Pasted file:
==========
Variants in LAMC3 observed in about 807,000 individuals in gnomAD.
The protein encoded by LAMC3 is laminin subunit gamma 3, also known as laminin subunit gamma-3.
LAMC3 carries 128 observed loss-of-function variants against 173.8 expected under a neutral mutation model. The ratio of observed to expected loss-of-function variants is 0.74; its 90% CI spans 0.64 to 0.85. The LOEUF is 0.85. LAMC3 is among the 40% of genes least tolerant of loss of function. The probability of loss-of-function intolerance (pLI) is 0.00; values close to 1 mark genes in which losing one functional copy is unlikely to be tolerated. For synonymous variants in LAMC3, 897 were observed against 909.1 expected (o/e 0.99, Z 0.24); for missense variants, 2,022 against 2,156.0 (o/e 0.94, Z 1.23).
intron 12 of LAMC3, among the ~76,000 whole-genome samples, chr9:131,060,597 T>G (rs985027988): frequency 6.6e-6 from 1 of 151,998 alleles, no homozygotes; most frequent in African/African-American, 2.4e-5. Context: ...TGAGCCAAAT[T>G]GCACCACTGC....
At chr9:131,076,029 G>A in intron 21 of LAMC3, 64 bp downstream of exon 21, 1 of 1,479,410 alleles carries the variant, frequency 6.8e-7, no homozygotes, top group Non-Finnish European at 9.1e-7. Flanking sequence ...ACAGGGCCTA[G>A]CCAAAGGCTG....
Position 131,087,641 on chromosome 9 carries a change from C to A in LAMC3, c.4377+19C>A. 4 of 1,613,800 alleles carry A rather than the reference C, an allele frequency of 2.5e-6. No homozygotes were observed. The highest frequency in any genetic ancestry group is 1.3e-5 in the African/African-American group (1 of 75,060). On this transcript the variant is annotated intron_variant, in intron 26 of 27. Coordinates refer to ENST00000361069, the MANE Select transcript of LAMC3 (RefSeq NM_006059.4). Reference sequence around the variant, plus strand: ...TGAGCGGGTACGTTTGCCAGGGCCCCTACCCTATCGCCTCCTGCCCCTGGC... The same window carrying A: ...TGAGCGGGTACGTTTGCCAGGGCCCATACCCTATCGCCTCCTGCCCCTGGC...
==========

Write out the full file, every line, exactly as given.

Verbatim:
Variants in LAMC3 observed in about 807,000 individuals in gnomAD.
The protein encoded by LAMC3 is laminin subunit gamma 3, also known as laminin subunit gamma-3.
LAMC3 carries 128 observed loss-of-function variants against 173.8 expected under a neutral mutation model. The ratio of observed to expected loss-of-function variants is 0.74; its 90% CI spans 0.64 to 0.85. The LOEUF is 0.85. LAMC3 is among the 40% of genes least tolerant of loss of function. The probability of loss-of-function intolerance (pLI) is 0.00; values close to 1 mark genes in which losing one functional copy is unlikely to be tolerated. For synonymous variants in LAMC3, 897 were observed against 909.1 expected (o/e 0.99, Z 0.24); for missense variants, 2,022 against 2,156.0 (o/e 0.94, Z 1.23).
intron 12 of LAMC3, among the ~76,000 whole-genome samples, chr9:131,060,597 T>G (rs985027988): frequency 6.6e-6 from 1 of 151,998 alleles, no homozygotes; most frequent in African/African-American, 2.4e-5. Context: ...TGAGCCAAAT[T>G]GCACCACTGC....
At chr9:131,076,029 G>A in intron 21 of LAMC3, 64 bp downstream of exon 21, 1 of 1,479,410 alleles carries the variant, frequency 6.8e-7, no homozygotes, top group Non-Finnish European at 9.1e-7. Flanking sequence ...ACAGGGCCTA[G>A]CCAAAGGCTG....
Position 131,087,641 on chromosome 9 carries a change from C to A in LAMC3, c.4377+19C>A. 4 of 1,613,800 alleles carry A rather than the reference C, an allele frequency of 2.5e-6. No homozygotes were observed. The highest frequency in any genetic ancestry group is 1.3e-5 in the African/African-American group (1 of 75,060). On this transcript the variant is annotated intron_variant, in intron 26 of 27. Coordinates refer to ENST00000361069, the MANE Select transcript of LAMC3 (RefSeq NM_006059.4). Reference sequence around the variant, plus strand: ...TGAGCGGGTACGTTTGCCAGGGCCCCTACCCTATCGCCTCCTGCCCCTGGC... The same window carrying A: ...TGAGCGGGTACGTTTGCCAGGGCCCATACCCTATCGCCTCCTGCCCCTGGC...